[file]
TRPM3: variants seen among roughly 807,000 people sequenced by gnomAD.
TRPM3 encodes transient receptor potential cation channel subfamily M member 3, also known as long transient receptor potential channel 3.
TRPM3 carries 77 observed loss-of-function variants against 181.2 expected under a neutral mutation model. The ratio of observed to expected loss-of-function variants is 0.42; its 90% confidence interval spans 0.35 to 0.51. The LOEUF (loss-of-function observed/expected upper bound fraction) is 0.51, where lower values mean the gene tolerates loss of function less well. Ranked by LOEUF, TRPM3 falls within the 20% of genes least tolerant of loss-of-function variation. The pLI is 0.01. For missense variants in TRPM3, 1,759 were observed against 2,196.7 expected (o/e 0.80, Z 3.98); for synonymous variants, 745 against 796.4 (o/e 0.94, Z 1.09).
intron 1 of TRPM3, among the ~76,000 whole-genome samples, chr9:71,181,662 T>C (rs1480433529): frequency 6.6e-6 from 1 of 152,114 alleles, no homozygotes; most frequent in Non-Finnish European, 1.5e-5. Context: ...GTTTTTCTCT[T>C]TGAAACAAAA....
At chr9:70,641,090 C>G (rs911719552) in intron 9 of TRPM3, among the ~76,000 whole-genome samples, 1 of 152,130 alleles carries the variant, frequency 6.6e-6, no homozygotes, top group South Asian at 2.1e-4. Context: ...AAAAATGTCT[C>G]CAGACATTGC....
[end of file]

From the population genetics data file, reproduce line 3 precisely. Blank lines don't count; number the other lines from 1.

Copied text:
TRPM3 carries 77 observed loss-of-function variants against 181.2 expected under a neutral mutation model. The ratio of observed to expected loss-of-function variants is 0.42; its 90% confidence interval spans 0.35 to 0.51. The LOEUF (loss-of-function observed/expected upper bound fraction) is 0.51, where lower values mean the gene tolerates loss of function less well. Ranked by LOEUF, TRPM3 falls within the 20% of genes least tolerant of loss-of-function variation. The pLI is 0.01. For missense variants in TRPM3, 1,759 were observed against 2,196.7 expected (o/e 0.80, Z 3.98); for synonymous variants, 745 against 796.4 (o/e 0.94, Z 1.09).